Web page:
Last week I wrote about the pitfalls of following your passion , but this week I wanted to move in a different direction. It might seem like the complete opposite direction, actually…and it probably is. But I found it important to really take an overall view of the risk of following your passion because I think all too often it’s talked about in a way that seems a bit too rosy. It’s not always easy doing it, but it can be SO worth it! In Brene Brown’s book “The Gifts of Imperfection” she included as one of the guideposts to living wholeheartedly the need to cultivate meaningful work. In her interviews with those who were living a life they wanted, they spoke of having a calling and feeling great accomplishment from the work they chose. They felt a sense of purpose.
As I reviewed her chapter, there was one point that really stood out to me. It was where she said “squandering your gifts brings distress.” WOW! I’ve never really thought of how NOT living in our gifts and talents could have a negative impact on us. I’ve more-so thought, “wow, how great when we can use our talents and passions…but it’s ok if we can’t- that’s life.” But I never stopped to consider that not living into our gifts can lead to feelings of disconnection, resentment, shame, and disappointment.
If that’s the case, how do we step into our “life work”? I created a list of 5 ways to begin discovering what your “life work” might be…
1) Understand the difference between your work and your job
As I was listening to Wes Moore last week, he said that a job is the thing you put on your business card, but it doesn’t always match what your work is. A job is what pays the bills. That’s not to say your work cannot also do that. Frederick Buechner said, “Vocation is where your greatest joy meets the world’s greatest need.” I use vocation and work almost synonymously. Our work is what we are about…it combines how we are gifted with a need it meets. It leaves the individuals with a sense of purpose.
2) Don’t be fooled by the size of the dream
I wanted to follow up with this, because I used to think finding life work meant it head to be on the Mother-Theresa scale. Unless I was feeding the poor and hungry in Calcutta I was not living big enough. But as I move into motherhood (something I never would have thought I’d be doing when I had the Mother Theresa mindset!) I realized that even the work of motherhood is “big enough.” When I’ve talked with mothers I’ve heard the phrase, “I’m just a mother.” I’m not sure how the word “just” fits into that sentence because motherhood is a huge job. Anyway, I only use motherhood as an example to say do not diminish what makes your heart beat a little bit faster. You’re not just a volleyball coach…you’re someone who is living into where you’re gifted and also mentoring and shaping a younger generation. You’re not just an accountant, just a teacher, or just a landscaper. Get rid of the “just.”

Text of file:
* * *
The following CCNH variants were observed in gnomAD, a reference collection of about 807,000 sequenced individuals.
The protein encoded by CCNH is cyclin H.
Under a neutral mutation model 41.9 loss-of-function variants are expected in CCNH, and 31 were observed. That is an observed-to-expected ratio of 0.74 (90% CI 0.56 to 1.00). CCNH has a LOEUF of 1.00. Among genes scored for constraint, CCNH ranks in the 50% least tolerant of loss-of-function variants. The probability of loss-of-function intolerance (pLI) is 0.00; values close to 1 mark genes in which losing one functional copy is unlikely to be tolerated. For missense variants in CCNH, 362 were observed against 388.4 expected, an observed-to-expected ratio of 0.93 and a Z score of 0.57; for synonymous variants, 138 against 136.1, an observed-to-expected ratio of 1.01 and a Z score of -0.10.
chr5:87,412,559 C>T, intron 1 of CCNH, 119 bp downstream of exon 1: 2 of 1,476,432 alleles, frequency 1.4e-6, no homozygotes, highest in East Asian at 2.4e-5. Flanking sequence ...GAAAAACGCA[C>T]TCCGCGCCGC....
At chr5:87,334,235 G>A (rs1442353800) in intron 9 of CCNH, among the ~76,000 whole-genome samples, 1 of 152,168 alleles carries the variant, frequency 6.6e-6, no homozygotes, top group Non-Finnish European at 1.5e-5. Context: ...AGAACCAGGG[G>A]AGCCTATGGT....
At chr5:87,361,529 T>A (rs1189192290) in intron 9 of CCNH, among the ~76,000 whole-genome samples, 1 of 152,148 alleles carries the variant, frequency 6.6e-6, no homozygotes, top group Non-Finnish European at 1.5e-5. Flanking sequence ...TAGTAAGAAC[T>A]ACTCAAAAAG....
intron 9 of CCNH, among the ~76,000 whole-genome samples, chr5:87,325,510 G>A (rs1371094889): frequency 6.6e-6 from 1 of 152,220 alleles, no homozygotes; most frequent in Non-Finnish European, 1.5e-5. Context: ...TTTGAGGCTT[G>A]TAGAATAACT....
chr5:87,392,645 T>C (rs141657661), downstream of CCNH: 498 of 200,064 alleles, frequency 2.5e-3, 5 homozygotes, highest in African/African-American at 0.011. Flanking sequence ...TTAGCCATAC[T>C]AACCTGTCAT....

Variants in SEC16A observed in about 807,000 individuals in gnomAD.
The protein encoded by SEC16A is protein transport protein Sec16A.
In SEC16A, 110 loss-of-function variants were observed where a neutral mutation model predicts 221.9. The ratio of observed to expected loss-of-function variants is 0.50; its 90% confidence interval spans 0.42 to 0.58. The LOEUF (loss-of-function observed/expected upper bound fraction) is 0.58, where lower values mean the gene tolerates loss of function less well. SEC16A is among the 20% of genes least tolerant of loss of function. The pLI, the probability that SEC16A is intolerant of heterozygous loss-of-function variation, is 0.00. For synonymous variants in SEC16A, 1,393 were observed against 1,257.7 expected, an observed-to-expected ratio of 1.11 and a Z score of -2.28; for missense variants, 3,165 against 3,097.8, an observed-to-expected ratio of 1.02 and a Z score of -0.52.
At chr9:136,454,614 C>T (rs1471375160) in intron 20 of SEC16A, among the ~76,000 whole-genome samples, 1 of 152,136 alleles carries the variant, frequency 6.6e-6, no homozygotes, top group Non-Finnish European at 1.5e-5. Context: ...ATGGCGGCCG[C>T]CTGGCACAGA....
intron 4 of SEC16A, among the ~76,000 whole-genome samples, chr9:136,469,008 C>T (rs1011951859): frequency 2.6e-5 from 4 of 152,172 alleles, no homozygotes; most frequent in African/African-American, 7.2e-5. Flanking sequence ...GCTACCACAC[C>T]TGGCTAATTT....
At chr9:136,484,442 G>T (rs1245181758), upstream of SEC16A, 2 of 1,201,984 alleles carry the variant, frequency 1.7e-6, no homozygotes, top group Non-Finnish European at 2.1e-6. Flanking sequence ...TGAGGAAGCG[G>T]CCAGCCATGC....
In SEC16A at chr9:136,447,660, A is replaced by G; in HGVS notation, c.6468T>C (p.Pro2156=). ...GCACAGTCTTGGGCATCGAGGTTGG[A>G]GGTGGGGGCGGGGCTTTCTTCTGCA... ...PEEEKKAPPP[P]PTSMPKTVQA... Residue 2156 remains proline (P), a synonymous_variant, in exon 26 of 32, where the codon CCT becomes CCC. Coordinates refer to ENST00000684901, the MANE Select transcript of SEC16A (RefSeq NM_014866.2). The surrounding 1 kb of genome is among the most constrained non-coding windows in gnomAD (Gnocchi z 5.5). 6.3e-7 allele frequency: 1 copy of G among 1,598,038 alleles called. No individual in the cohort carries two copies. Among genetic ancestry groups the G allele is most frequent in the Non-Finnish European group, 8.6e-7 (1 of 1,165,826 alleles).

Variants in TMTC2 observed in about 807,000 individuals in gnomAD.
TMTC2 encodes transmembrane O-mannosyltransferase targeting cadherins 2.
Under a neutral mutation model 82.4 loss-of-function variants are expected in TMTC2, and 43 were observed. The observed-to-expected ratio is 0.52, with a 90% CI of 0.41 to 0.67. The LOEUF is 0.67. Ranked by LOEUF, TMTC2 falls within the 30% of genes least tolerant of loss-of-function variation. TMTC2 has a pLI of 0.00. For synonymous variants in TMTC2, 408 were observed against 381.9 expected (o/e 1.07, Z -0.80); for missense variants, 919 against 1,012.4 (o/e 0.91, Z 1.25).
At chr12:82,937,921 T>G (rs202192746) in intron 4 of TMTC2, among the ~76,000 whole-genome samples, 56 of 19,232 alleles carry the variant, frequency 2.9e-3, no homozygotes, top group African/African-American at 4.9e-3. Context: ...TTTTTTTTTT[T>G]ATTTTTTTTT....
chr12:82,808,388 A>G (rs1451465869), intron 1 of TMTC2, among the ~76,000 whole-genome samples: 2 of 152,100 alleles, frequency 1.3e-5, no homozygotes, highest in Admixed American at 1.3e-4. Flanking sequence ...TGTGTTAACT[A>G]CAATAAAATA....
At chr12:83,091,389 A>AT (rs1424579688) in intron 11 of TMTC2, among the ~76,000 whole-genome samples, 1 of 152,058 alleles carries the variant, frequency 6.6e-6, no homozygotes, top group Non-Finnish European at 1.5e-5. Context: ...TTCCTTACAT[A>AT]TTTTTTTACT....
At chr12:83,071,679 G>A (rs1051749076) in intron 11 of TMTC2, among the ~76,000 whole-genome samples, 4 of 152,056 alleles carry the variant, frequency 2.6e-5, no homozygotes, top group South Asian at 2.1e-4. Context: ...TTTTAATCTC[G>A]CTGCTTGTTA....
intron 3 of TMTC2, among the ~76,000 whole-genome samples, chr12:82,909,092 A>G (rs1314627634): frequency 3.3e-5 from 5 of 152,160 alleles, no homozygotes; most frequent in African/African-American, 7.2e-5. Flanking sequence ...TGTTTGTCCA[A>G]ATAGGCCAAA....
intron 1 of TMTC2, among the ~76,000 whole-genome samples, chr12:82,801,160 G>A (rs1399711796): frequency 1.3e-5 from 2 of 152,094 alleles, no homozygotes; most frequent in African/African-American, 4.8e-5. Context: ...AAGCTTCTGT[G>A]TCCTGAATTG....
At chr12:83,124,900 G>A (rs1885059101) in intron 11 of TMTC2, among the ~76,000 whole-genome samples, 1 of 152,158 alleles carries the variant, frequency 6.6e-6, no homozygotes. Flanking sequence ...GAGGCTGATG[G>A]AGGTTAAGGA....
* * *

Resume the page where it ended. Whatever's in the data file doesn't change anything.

3) Live in your lane
When exploring life work, it can be so easy to compare. But don’t! Comparisons are probably the world’s biggest joy-stealers. It will be impossible to find your life work if you’re eyes are constantly on what others are doing. You can’t do both at the same time. Settle in and see what gets you amped up. Making a mental list of what others are doing will just waste your time. The more you are happy with your decisions, the less others will need to be.
4) Look into the reality of what you choose
This one is not as fun but needs to be mentioned. The pitter-patter of your heart getting excited does not always know what kind of pay-check it will be bringing in. Understand that if you follow your gut, or your intuitive “just know” feeling that one path is right for you, that doesn’t mean it will bring about the normal idea of success. In line with this, also understand that sometimes the reality of what you choose can take time…lots of it.
5) Dig deep- no one else can give you the answer
Digging deep can be so hard. We want easy answers. One of my favorite questions I tried to answer while in my 20s was “how do some people just know?” I used to hear people say they “just knew” it was the person to marry or they “just knew” it was the right job offer. For most of my life I NEVER had an inkling of “just knowing.”…until one day I did. But it was a skill I had to develop. If this is a skill that is hard for you, see it as a growth opportunity that will pay off immensely. Because who doesn’t want to “just know” when it’s time to retire, time to move to assisted living, time to start a family? If you have an overactive brain when it comes to making decisions, this is a sign of anxiety and stress. Anxiety and stress are normal in this process. Even when you do make the decision from a gut-level, there MIGHT STILL BE INNER TURMOIL. That’s ok. That could mean many things, but not necessarily that it’s the wrong decision. It could mean that you have a few good options, and it’s hard to let go of the others so you can step into the BEST one. If you’re a perfectionist, it could be that you’re trying to make the perfect decision. Stop it, just stop. There are no perfect decisions, but there are “good enough” ones. (believe me, this is spoken from a recovering perfectionist).
If you’re looking to find your life work, understand that it’s something that could take time to discover. It takes time for multiple reasons, sometimes it’s because we might need to come to a place of acceptance of what shape it can actually take. Or, it could be that we need to figure out the finances to step in a new direction. In the next blog post I will talk about how to connect to the “gut-level” knowing I mentioned above. If this is an area you’re interested, check back in to read!